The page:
I also work for the NWS, at a River Forecast Center. Most river gage sites have tipping buckets connected to data collection platforms that telemeter via the GOES satellites hourly. Part of my job is to QC over a thousand tipping bucket gages hourly for input into radar precipitation estimation corrections. As mentioned earlier, clogs and partial clogs are a constant problem. Dew will form on the funnels first, and if next to a dusty environment such as a gravel road or a farm field, the dust interacts with the dew and slides down to the funnel neck, creating a very effective adobe plug. Spiders build nests inside, which interfere with the tipper movement. Blowing leaves collect to create partial plugs, so as mentioned above, a one hour rain storm may dribble out for hours or days after the event. Dirt collecting in the buckets can cause over-estimation. Mast-mounted gages can be knocked out of level; they must be exactly level to be accurate. During high rain rates, water is lost during the transition from the full tipper to the empty tipper. Long term climatologies show tipping buckets collect about 70% of what a co-located 8″ standard rain gage collects. Tipping buckets, whether heated or not, don’t work worth diddly in snow, which is a significant amount of yearly precipitation for the northern portions of the country, and which often causes significant and prolonged snow melt flooding. Knowing the amount of water accumulated from snow is critical to accurate flood forecasts. For that matter, unattended automated weighing gages at the Local Climate Data airport sites can under-report in extreme events such as a foot or more of wet heavy snow, when the funnel heater can’t keep up and the snow bridges the funnel and additional snow blows over the top. On the other hand, there are about 20 Fisher-Porter gages in the Middle and Upper Mississippi Valley which have telemetry, and have observers available to remove the funnel for snow events and install the funnel for rain events, and these Fisher-Porter gages have measured the heavy snow events quite nicely and are quite comparable to the 8″ standard rain gage reports. The Fisher-Porter network is in the process of having all the mechanical linkages, punch tape and springs replaced with a load cell and datalogger. Units that have been upgraded have shown a drastic decrease in maintenance and lost data.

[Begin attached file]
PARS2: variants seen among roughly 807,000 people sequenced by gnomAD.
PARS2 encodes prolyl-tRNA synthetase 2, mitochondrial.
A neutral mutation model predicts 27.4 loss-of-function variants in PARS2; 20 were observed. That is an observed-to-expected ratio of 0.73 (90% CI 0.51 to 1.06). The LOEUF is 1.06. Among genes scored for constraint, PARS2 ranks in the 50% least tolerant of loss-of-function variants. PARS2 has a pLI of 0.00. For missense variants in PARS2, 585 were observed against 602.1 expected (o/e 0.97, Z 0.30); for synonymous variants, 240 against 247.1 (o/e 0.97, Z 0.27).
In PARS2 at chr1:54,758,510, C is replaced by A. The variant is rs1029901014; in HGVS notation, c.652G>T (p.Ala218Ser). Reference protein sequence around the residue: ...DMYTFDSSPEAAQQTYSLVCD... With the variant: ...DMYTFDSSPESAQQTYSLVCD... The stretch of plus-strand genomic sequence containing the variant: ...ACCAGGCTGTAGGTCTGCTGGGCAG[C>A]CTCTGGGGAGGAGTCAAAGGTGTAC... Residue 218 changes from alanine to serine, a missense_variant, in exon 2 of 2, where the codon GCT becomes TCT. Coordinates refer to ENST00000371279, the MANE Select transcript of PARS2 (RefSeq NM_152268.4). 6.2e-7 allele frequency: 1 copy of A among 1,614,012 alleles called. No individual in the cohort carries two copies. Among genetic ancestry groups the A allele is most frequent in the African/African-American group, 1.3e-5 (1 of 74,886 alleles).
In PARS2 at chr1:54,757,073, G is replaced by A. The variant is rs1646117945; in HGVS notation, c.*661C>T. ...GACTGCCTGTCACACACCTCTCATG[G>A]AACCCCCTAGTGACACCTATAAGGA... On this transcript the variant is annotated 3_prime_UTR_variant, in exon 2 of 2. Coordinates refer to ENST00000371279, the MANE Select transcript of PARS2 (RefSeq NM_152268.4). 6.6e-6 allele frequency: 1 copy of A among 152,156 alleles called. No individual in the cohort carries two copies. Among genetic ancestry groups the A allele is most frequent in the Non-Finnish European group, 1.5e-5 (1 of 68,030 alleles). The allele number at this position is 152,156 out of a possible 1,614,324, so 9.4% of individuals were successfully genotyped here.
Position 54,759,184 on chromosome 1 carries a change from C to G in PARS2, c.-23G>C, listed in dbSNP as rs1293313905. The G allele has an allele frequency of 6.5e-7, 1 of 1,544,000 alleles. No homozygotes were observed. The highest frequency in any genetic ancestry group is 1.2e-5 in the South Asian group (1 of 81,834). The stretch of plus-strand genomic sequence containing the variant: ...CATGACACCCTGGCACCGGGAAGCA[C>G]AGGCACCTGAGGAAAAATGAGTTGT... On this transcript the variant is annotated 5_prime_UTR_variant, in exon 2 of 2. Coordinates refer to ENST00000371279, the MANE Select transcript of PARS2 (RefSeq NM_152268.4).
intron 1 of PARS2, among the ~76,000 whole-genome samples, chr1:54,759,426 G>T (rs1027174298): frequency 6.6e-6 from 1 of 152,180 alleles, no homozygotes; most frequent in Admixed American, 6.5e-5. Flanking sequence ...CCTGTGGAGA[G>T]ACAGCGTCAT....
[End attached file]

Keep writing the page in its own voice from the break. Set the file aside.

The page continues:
One major deficiency in the COOP network precipitation gages is the lack of wind screens. Research has shown wind above 10 mph has a significant effect on the catch of unshielded gages, particularly during snow. Check out Very few gages outside the ASOS network have wind screens.